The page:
Be Careful Out ThereJune 3, 2017
There’s nothing like the freedom of the open road, driving across our great country, and seeing all the natural beauty America has to offer. What fun it must be to meet people from all over, try local foods, and get paid to do it! Sounds pretty great doesn’t it? That’s what a lot of folks think of when they see an eighteen-wheeler rolling down the interstate. Over-the-road truckers are the nomads of the highway. Adventurers. They’re modern-day explorers and the personification of independence… right? Yes and no. What most people don’t understand or think about is the hazards of being out there for days and sometimes weeks at a time. Those hazards can be physical, emotional and safety related.
What kind of hazards can there be to a truck driver’s physical well-being from driving down the highway? There are quite a few. New research has shown that people who spend hours sitting at their jobs are vulnerable to a long list of health risks, whether that means sitting at a desk or behind the wheel of a big rig. Hours of sitting can affect circulation which can lead to heart disease. In extreme cases, too many hours of sitting without stretching can lead to a blood clot in the lower extremities, or Deep Vein Thrombosis (DVT). During long periods of inactivity, blood may not circulate properly which can cause a clot to form. Once the person begins moving around the clot can be released and move to the heart, lungs, or brain with devastating or even deadly results.
Poor eating and sleeping habits can take their toll as well. Often a truck driver’s diet consists of way too much fast food grabbed on the run, or diner fare that may taste great but is often laden with too much fat, salt and calories. As a result, significantly more truck drivers are overweight than the rest of the population. Add lack of exercise to the mix and it isn’t difficult to see how potentially dangerous the trucker lifestyle can be to a driver’s long-term health.
Sleep is another problem. While some big rigs may be equipped with a sleeper compartment that borders on luxurious, that’s certainly not the norm. Often a sleeper is a cramped space with a cot-sized foam mattress. Depending on a trucker’s schedule, sleeping hours can be irregular, and quality, restorative sleep can be hard to come by. Researchers are now associating inadequate sleep and poor quality sleep with a growing list of health problems.
Being out on the road for long periods of time can be hard on drivers too. Weeks away from home can result in loneliness and even depression. Life on the road can get pretty boring. It can be particularly hard on family life. There can be years of missed youth sports, school plays and family time with children and spouses. Keeping and maintaining a healthy marriage can be a real challenge.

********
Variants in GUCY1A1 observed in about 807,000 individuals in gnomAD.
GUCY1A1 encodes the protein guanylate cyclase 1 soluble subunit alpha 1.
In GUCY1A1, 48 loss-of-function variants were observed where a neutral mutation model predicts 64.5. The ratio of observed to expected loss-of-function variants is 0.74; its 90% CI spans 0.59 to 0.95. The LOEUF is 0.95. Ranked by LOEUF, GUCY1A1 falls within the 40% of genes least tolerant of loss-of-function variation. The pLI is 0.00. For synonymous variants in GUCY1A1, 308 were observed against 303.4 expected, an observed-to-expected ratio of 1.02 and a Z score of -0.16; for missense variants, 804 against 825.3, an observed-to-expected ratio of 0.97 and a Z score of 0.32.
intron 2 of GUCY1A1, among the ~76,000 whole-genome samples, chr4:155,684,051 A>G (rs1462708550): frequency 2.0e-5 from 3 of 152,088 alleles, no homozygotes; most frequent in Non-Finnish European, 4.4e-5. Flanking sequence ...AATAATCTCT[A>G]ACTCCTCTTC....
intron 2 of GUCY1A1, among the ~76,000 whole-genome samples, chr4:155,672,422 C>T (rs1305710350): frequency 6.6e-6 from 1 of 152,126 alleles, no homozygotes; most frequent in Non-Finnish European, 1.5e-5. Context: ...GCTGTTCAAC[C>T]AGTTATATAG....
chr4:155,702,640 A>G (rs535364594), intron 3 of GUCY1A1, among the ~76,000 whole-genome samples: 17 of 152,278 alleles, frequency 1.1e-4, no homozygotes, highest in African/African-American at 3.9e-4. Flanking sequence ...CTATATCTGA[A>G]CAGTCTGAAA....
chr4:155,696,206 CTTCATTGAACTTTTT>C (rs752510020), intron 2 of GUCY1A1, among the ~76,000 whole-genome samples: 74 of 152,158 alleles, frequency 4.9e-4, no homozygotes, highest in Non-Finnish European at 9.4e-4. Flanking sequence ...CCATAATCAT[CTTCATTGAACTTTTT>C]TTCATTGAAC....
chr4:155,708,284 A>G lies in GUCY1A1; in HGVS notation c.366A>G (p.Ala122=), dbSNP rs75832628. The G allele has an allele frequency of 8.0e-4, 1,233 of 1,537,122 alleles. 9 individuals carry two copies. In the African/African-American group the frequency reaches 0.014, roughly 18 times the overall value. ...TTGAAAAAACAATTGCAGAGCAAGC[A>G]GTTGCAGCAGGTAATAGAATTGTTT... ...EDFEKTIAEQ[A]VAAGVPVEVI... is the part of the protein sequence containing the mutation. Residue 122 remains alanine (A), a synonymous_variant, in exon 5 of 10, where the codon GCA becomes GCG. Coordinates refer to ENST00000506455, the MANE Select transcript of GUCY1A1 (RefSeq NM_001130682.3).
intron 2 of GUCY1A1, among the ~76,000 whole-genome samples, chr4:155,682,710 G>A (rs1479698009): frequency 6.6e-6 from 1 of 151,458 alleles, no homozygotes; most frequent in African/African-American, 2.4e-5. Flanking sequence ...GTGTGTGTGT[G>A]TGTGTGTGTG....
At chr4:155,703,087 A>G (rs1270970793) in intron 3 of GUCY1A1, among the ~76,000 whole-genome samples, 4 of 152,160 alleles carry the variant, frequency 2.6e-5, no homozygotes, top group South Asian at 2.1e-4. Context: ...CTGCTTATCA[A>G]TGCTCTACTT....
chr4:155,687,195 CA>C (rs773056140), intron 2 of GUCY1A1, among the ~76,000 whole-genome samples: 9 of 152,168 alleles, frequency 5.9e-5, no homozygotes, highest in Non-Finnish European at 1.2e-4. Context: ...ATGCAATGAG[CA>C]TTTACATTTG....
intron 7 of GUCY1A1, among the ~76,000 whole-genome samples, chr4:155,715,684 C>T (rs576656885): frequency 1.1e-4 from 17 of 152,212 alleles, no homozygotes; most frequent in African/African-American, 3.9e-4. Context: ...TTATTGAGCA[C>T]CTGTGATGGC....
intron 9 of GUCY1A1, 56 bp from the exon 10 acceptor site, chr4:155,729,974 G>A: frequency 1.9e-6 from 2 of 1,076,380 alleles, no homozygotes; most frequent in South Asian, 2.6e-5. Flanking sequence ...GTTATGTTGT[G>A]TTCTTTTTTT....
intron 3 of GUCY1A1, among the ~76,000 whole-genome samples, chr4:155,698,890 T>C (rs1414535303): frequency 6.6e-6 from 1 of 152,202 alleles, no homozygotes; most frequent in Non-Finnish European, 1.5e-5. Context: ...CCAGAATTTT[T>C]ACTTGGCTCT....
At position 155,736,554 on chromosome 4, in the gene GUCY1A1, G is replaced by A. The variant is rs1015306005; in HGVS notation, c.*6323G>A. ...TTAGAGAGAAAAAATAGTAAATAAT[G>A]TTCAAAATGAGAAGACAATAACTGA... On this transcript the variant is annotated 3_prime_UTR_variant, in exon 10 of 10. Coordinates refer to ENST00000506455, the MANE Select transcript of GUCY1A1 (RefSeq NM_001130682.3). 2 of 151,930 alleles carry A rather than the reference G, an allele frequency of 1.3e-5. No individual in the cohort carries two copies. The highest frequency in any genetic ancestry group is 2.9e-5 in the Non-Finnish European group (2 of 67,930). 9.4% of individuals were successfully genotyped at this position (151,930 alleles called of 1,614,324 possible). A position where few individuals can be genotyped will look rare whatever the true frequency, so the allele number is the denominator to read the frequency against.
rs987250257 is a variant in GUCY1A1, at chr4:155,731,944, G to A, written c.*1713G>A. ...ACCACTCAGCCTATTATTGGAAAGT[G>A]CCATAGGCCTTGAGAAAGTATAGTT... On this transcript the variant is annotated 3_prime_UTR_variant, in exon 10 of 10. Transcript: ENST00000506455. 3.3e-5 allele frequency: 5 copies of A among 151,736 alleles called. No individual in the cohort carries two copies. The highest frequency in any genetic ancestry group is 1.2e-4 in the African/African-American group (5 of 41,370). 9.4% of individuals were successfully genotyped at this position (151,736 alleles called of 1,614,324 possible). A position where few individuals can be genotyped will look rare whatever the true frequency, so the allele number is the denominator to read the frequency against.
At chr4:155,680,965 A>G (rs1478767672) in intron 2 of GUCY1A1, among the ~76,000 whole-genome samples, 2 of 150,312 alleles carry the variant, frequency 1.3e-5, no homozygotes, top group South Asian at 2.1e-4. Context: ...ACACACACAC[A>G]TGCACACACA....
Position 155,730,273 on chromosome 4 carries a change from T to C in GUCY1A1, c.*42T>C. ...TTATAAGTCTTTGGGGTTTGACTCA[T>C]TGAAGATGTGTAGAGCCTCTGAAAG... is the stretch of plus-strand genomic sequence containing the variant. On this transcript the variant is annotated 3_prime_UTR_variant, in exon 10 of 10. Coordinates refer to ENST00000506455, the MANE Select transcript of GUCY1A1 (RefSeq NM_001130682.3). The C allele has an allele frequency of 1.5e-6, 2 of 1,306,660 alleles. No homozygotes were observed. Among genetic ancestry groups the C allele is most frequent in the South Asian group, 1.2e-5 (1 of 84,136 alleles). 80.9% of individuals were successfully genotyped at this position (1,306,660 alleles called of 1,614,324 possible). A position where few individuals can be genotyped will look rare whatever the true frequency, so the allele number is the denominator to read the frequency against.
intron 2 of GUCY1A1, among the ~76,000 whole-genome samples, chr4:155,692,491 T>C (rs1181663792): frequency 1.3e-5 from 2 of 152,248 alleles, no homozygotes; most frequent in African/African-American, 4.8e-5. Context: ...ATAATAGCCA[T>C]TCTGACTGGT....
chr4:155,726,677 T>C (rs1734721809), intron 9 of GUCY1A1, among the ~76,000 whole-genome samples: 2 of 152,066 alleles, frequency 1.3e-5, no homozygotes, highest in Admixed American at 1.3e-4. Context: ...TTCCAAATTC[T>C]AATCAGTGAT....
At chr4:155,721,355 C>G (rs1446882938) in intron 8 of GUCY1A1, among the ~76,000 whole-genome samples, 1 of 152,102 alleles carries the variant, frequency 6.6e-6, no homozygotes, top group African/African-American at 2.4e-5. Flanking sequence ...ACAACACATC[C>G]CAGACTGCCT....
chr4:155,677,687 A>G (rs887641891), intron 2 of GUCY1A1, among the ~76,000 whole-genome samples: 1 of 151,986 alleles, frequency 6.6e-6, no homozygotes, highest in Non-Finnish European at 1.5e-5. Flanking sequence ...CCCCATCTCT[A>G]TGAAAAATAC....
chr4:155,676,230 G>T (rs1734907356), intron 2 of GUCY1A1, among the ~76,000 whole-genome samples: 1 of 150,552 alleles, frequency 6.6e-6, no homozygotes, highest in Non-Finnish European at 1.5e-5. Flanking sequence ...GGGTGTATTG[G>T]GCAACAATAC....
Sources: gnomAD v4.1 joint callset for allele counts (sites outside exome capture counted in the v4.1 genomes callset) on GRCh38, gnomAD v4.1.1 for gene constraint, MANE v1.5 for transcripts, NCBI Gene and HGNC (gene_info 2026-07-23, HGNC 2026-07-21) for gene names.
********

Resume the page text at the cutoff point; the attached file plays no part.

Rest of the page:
There is also the stress of keeping to a schedule. The hours a trucker is allowed to work are carefully regulated by the Department of Transportation (DOT). A workday can’t exceed 14 hours, and no more than 11 hours of that can be spent driving. A period of 10 hours of downtime per day is also required. When it takes longer than planned to get loaded and unloaded, or the number of miles covered in a day is shortened by bad weather, road construction or traffic delays, keeping to a promised delivery time or driving the required miles to make a profit can be tough and create unrelenting stress.
Safety is another serious issue. Even though over-the-road truckers are among the safest drivers in the country, they are exposed to driving in bad weather, the mistakes and unsafe behaviors of other drivers, and the monotony of driving often unchanging interstate highways for as many as eleven hours a day. Even with their excellent safety record, truckers are exposed to more driving hazards in a week than most people experience in a month.
There are also physical dangers when out on the road. At times a trucker may have to pull over for the night in a less than ideal area. That can make them vulnerable to vandalism, robbery, and other crime. It’s not unusual for truck drivers to be approached by panhandlers, drug dealers, and prostitutes during their down-time. It’s more important than ever for big rig drivers to be aware of their surroundings and stay continuously vigilant to be as safe as possible.
There are a lot of good things about a career as an over-the-road trucker. The pay can be good, there is a certain amount of independence, and drivers do often get to see some truly amazing country and meet all sorts of folks. But there are a lot of challenges and hazards out there on the road as well. When you’re driving down the highway and you see one of the 3 million truck drivers who work to keep America moving, give them a friendly wave, or if you see one in a truck stop, offer to buy their coffee. A few random acts of kindness can mean a lot to a driver making their living out on the road.